The Japanese are undoubtably the kings of strange car names. For some incomprehensible reason, even though Japan has about the worst TOEIC scores in, well, the world, they insist that all of their cars have English (or at least foreign) names. Over the last 30 years, they have perfected the Strange Car Name. A small scratch on the surface:

Daihatsu Applause.

Daihatsu Cube. Not a bad name, considering that this car is pretty much a box with wheels.

Daihatsu Move. I should hope so.

Daihatsu Naked. A mini-SUV ("one box") very popular among the ladies, who generally freak out when I tell then what it means.

Daihatsu Rugger. I guess the upholstery is a key sales point?

Honda Acty. At least they didn't call it "Seizey".

Honda Joy Machine. For a the slightest fraction of a second I had this confused with the Hitachi Magic Wand.

Honda Life. If you have 1,800,000 yen to spare, you too can get a Life!

Honda Mysterious Utility. Indeed.

Honda Stepwgn. "wgn" is pronounced "wagon", of course.

Honda Street. Where exactly are you supposed to drive a Street?

Honda That's. How can a relative pronoun be a name? (I think it might be a play on words for "zatsu", as in "zatsuyou" - capable of many different tasks.)

Mazda Bongo. Pretty hard to beat that. Har!

Mitsubishi Bravo Exceed. Car or giant robot?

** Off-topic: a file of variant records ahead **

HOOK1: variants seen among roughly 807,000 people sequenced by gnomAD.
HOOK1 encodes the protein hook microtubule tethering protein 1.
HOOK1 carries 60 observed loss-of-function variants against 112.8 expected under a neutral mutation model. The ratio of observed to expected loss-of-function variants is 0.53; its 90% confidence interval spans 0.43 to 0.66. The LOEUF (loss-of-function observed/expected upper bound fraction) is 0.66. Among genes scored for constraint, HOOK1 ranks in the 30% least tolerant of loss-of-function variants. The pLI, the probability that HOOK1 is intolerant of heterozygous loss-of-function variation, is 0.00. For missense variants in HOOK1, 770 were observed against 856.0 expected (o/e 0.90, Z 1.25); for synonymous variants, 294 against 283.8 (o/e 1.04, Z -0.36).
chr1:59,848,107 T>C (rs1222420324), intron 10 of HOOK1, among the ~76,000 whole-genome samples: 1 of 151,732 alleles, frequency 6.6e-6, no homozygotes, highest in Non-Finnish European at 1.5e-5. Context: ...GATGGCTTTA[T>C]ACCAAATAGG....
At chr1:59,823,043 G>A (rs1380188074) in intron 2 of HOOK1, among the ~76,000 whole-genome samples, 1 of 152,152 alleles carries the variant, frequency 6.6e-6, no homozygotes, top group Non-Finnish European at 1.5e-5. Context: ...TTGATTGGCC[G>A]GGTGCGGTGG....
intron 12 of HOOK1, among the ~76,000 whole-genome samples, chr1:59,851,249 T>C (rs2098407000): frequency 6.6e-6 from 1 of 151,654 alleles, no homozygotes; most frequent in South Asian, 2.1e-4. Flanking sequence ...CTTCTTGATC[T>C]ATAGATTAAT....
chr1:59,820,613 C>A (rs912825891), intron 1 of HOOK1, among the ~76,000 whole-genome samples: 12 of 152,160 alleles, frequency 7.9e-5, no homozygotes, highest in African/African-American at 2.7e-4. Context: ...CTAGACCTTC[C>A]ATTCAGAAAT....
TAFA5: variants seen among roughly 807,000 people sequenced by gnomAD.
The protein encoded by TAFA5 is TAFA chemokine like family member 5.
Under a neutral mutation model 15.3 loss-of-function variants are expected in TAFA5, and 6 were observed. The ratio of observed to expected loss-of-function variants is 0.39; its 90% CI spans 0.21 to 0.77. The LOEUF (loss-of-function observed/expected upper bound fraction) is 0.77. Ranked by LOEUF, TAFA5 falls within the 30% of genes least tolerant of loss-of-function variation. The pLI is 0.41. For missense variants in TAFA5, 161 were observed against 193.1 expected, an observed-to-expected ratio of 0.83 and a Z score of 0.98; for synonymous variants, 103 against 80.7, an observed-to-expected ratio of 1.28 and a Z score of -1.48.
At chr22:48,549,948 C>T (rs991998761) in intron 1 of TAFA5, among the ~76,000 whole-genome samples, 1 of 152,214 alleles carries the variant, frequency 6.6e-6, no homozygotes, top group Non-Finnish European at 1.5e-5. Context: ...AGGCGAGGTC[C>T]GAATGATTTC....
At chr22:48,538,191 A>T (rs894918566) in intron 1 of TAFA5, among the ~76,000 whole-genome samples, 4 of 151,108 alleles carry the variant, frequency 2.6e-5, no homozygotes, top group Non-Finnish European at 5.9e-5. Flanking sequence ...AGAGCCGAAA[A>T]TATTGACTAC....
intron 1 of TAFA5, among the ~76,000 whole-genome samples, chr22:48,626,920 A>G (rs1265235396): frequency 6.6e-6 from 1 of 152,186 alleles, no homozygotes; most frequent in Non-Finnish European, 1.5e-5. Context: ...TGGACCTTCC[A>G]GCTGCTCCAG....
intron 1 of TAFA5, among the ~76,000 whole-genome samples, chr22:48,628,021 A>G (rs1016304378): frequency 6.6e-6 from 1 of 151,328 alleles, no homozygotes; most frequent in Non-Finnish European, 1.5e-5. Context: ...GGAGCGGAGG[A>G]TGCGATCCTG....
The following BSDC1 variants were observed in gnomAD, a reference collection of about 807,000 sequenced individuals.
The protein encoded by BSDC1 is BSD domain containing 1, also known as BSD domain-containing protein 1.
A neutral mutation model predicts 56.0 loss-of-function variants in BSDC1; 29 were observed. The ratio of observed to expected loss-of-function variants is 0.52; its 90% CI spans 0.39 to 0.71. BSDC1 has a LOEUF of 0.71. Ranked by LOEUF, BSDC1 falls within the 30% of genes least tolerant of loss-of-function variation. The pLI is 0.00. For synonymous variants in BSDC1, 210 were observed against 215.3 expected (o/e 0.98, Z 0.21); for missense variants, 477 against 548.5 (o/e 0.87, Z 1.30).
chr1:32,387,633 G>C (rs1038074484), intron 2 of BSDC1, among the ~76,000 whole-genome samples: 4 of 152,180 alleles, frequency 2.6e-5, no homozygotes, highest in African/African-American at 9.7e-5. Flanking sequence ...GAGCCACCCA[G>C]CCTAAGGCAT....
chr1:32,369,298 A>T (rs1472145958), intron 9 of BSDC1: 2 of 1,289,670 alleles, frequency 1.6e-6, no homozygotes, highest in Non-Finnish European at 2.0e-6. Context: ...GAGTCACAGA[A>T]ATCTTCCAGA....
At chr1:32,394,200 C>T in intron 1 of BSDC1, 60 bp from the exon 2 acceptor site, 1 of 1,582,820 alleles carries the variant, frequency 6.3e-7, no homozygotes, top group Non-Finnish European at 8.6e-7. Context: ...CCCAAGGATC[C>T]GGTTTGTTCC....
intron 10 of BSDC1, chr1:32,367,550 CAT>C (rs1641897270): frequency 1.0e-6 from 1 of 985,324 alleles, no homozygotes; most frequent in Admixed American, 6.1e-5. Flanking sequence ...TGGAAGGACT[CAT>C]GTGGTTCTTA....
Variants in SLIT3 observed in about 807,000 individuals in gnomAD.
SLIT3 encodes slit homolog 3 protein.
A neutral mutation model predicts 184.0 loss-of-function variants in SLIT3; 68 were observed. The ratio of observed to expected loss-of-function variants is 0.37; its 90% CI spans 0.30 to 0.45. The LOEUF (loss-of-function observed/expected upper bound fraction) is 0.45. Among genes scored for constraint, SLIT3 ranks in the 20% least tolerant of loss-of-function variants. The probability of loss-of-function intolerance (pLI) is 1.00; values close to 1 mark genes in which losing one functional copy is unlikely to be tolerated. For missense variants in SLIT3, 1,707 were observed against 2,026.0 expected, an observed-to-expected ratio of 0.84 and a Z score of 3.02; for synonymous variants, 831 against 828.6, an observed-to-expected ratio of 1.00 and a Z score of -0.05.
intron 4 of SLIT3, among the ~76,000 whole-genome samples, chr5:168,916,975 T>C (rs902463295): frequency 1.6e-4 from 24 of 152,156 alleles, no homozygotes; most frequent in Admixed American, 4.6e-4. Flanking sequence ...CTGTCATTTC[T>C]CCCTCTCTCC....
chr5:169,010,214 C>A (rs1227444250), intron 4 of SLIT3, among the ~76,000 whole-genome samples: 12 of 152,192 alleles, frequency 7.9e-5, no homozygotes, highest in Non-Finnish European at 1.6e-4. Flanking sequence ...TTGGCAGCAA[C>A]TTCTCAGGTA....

Mitsubishi Canter Guts. A light freight truck.

Mitsubishi Delica. The name would be slightly less hilarious on a car that wasn't a turbocharged diesel, 4WD behemoth van, complete with a full-steel bumper / rambar that looks like it could give a brick wall a run for its money.

Mitsubishi Fighter Mignon. Some kind of play on words? Is this supposed to be the filet mignon of trucks or something? I don't think I need to mention that "mignon" means "dainty" in French. Oh, the woes of randomly combining foreign languages...

Mitsubishi Pajero. According to Mitsubishi, "Named after a mountain cat that inhabits the Patagonia plateau region in southern Argentina." Unfortunately, it's also a minimal pair for "Pakero", "one who masturbates". I think it was renamed to Montero or something for foreign markets, but they still make new Pajeros in Japan, including the Pajero Jr. and the Pajero Mini.

Mitsubishi Starion. According to rumour, was supposed to be "Stallion".

Mitsubishi Super Great FP-R Ultra-Economical Motorway Tractor. A very heavy freight truck. It had to be big to fit the name on it.

Mitsubishi Toppo. How many clowns will fit in the trunk?

Nissan Homy. I wouldn't try driving this through the 'hood.

Nissan Sunny. No, it's not solar powered...

Nissan Vanette. At least it is a minivan, so this kind of makes sense.

Suzuki Every.

Subaru Impreza Gravel Express. This mini-SUV wagon, well known for its offroad abilities, can now handle gravel!

Toyota Coaster. "To move without power", or "a defunct CD" - take your pick.

Toyota Comfort. Actually, it is pretty comfortable. If you've ever been to Japan, you've see this car -- it's the standard taxi. It's also the car you use to take your road test.

Toyota Picnic. A 7-passenger utility wagon... that's a damn big picnic. From the pamphlet: "When it comes to the cabin space, it's a joy for claustrophobic."

Toyota Starlet. A wannabe performer? (Actually, I have one, it's not too bad. Update: Before leaving Japan, I sold my Starlet. Three years of hard driving on a 1992 vehicle, with only a burnt-out headlight and one bad wheel bearing. Better than any north american car I have ever owned. What kept this out of the world market? Maybe the name.)

Yamaha Vino. A motor scooter. Do you have to get loaded to drive it?